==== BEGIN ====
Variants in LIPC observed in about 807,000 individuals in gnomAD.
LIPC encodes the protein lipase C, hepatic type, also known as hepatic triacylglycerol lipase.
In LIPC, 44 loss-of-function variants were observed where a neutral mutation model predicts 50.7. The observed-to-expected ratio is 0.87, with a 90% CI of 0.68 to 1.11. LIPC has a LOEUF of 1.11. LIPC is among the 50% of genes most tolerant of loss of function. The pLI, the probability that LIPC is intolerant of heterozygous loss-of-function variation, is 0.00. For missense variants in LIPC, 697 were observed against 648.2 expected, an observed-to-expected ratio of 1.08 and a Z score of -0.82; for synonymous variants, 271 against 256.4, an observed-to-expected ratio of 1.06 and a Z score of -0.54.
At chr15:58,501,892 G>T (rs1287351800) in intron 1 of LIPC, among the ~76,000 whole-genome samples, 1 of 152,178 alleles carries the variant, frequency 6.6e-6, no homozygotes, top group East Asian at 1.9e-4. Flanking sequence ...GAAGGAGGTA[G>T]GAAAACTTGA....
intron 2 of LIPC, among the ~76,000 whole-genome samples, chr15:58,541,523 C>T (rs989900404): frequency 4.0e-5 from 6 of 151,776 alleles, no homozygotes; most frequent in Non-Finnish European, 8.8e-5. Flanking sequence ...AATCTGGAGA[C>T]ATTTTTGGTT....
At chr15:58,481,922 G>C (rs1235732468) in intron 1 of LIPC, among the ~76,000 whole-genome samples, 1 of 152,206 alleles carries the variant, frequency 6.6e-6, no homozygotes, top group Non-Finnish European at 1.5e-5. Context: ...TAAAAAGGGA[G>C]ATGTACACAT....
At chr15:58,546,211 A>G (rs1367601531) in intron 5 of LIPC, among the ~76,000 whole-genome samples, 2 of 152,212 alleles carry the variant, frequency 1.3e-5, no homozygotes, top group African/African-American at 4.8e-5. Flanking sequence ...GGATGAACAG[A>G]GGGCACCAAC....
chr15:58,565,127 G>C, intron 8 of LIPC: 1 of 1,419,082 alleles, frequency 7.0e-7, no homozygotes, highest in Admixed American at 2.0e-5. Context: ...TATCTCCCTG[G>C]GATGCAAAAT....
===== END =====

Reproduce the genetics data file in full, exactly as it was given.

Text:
Variants in LIPC observed in about 807,000 individuals in gnomAD.
LIPC encodes the protein lipase C, hepatic type, also known as hepatic triacylglycerol lipase.
In LIPC, 44 loss-of-function variants were observed where a neutral mutation model predicts 50.7. The observed-to-expected ratio is 0.87, with a 90% CI of 0.68 to 1.11. LIPC has a LOEUF of 1.11. LIPC is among the 50% of genes most tolerant of loss of function. The pLI, the probability that LIPC is intolerant of heterozygous loss-of-function variation, is 0.00. For missense variants in LIPC, 697 were observed against 648.2 expected, an observed-to-expected ratio of 1.08 and a Z score of -0.82; for synonymous variants, 271 against 256.4, an observed-to-expected ratio of 1.06 and a Z score of -0.54.
At chr15:58,501,892 G>T (rs1287351800) in intron 1 of LIPC, among the ~76,000 whole-genome samples, 1 of 152,178 alleles carries the variant, frequency 6.6e-6, no homozygotes, top group East Asian at 1.9e-4. Flanking sequence ...GAAGGAGGTA[G>T]GAAAACTTGA....
intron 2 of LIPC, among the ~76,000 whole-genome samples, chr15:58,541,523 C>T (rs989900404): frequency 4.0e-5 from 6 of 151,776 alleles, no homozygotes; most frequent in Non-Finnish European, 8.8e-5. Flanking sequence ...AATCTGGAGA[C>T]ATTTTTGGTT....
At chr15:58,481,922 G>C (rs1235732468) in intron 1 of LIPC, among the ~76,000 whole-genome samples, 1 of 152,206 alleles carries the variant, frequency 6.6e-6, no homozygotes, top group Non-Finnish European at 1.5e-5. Context: ...TAAAAAGGGA[G>C]ATGTACACAT....
At chr15:58,546,211 A>G (rs1367601531) in intron 5 of LIPC, among the ~76,000 whole-genome samples, 2 of 152,212 alleles carry the variant, frequency 1.3e-5, no homozygotes, top group African/African-American at 4.8e-5. Flanking sequence ...GGATGAACAG[A>G]GGGCACCAAC....
chr15:58,565,127 G>C, intron 8 of LIPC: 1 of 1,419,082 alleles, frequency 7.0e-7, no homozygotes, highest in Admixed American at 2.0e-5. Context: ...TATCTCCCTG[G>C]GATGCAAAAT....